Green Home Building Design Principles


When planning a home remodel or designing a new home, green building principles can conserve resources and save money. Becoming familiar with common green building principles helps you to decide what’s important in home design and plan for energy-efficient home improvements.

Optimizing the Site 

When constructing a new home or renovating an old one, green design principles start with making the best use of the available site. During a new build, this includes orienting the home to take advantage of solar heat, so less heat is needed to warm the house, and locating the home within ready access to existing infrastructure to conserve resources.

Green homes are also small by design, since it’s cheaper and easier to heat and cool small homes. By orienting homes with the long sides facing east-west, then reducing windows on the west-facing, sunny walls, homes avoid unwanted solar heating.

Sealing Homes to Reduce Air Leaks 

If a home is not properly sealed to prevent air leaks, energy will pass through the walls and windows. Sealing a home and using sufficient insulation to prevent heat loss makes a home more energy efficient because all the energy used to heat or cool the home will stay in the home. While new homes can be properly insulated during the construction process, older homes can be retrofitted to stop heat loss.

Once air leaks have been stopped, the heating or cooling system doesn’t have to work as hard to maintain a temperature. Over time, the home interior becomes more comfortable and utility expenses go down. For those considering selling anytime in the near future, this is one green improvement that will significantly increase your place’s value.

Investing in Renewable Energy

solar power green building

Renewable energy is a cornerstone of green design. Homes should reduce or eliminate fossil fuels in favor of renewable energy sources, be they geothermal, solar, or wind.

If a home cannot supply its own green energy, a best practice is to purchase green power instead of relying on fossil fuels.

Choosing Smart Windows

Smart windows and window coverings complement optimal site selection by blocking the sun’s heat when it isn’t wanted and encouraging solar heat transfer when it is desired. Special coatings on windows, such as the widely available low-e, bounces the sun’s rays back into the atmosphere so sun exposure doesn’t heat the home. Electronically tinted glass changes the opacity to attract or repel solar heat manually or via a preprogrammed schedule.

Smart window coverings include blinds and shades that automatically adjust to light levels to curb energy consumptions. Smart shutters control both light levels and home privacy by opening and closing to control sun exposure. Exterior Solar Screen window shades is perfect solution for extreme sun exposures. When solar heating is wanted — for instance, opening blinds on south-facing windows in the winter to encourage solar heat transfer — automatic blinds or shutters allow this to happen. (Insert something about Habitat Screens/Rollshutters here?)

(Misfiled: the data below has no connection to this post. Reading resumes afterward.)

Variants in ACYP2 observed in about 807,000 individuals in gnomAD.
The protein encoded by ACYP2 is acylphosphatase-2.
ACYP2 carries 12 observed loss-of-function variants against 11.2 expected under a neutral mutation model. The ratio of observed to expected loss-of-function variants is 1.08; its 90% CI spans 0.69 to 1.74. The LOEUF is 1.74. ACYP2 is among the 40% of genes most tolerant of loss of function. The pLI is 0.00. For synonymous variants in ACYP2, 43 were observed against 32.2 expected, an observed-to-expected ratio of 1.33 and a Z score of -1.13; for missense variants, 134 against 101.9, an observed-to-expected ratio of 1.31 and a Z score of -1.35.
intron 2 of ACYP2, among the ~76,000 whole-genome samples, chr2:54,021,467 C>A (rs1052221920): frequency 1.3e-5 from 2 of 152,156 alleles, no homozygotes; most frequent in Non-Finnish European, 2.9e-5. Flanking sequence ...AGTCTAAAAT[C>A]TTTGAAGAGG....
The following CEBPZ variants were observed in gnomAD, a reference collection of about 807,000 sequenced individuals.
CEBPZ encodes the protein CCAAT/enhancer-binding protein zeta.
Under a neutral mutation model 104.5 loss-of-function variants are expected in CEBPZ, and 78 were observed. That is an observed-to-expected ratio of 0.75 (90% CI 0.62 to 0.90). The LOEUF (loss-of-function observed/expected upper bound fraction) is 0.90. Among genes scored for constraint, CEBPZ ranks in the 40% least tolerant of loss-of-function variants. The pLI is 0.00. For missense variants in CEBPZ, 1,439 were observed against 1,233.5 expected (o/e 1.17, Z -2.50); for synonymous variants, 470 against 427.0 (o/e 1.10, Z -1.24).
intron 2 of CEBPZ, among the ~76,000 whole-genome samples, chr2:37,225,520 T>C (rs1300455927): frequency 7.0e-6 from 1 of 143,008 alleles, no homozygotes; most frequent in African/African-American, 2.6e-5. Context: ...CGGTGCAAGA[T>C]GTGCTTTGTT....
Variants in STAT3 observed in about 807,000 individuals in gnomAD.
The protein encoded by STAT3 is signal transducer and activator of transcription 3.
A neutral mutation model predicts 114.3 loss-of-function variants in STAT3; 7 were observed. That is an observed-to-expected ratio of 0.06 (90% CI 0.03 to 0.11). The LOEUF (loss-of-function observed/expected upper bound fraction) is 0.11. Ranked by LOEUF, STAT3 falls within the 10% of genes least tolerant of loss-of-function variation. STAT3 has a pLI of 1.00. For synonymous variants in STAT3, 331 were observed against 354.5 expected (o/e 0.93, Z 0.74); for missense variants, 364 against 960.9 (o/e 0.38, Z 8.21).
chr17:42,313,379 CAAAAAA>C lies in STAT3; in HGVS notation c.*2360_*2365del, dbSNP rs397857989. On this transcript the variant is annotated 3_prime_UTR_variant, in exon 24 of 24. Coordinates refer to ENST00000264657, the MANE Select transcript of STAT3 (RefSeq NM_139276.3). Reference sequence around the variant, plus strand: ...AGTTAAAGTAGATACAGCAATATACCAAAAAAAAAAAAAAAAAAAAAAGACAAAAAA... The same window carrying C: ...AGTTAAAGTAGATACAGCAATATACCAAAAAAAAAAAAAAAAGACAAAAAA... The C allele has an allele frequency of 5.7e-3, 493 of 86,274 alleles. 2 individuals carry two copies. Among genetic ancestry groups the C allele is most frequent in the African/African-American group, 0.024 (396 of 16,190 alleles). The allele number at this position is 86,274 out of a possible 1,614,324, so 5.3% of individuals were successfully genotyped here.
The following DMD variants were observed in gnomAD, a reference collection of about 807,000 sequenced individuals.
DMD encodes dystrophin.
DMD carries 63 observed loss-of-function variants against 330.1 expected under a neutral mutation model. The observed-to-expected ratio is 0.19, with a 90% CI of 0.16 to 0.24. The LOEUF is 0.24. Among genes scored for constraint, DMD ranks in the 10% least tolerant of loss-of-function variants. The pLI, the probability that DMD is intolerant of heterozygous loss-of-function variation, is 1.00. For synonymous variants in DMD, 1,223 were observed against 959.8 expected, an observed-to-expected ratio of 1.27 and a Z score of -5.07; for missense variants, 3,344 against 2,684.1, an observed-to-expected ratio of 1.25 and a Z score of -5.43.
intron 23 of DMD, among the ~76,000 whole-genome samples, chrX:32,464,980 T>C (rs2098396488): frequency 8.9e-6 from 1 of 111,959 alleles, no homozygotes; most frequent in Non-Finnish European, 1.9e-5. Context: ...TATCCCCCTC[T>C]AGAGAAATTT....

Recycling Materials & Choosing Sustainable Materials 

Green homes choose recycled materials when possible, with wide-ranging implications for the look and feel of the home. This might include cellulose or recycled denim insulation rather than fiberglass or recycled steel beams over wood beams. Inside the home, recycled wood flooring or recycled glass countertops reduce the environmental footprint of the home.

In addition to recycling materials, homeowners can reuse materials by buying second hand or shopping at building exchange centers.

When it isn’t feasible to reuse or recycle, homeowners can lower their environmental footprint with sustainable materials. For instance, cork and bamboo are sustainable flooring choices—as an added bonus, they’re quite trendy as well. Traditional hardwood is a good choice when purchased from suppliers who are committed to sustainably managed forests.

Conserving Water

Green homes conserve water usage by using low-flow fixtures, managing stormwater runoff, and harvesting rainwater for use in the garden. Inside the home, homeowners can choose low-flow showerheads and faucets and install low-consumption toilets. Outside the home, they can use pervious concrete on driveways, drain runoff to absorption fields, and plant native plants. These practices help replenish aquifers to decrease water waste and drought.

In the U.S., the green building market has grown from $3 billion in 2005 to $81 billion in 2014. The main driver of green building in the residential sector is a desire to lower energy use, followed by a desire to decrease water use and feeling of doing a social good. The market is projected to grow, to the benefit of consumers and green builders alike.


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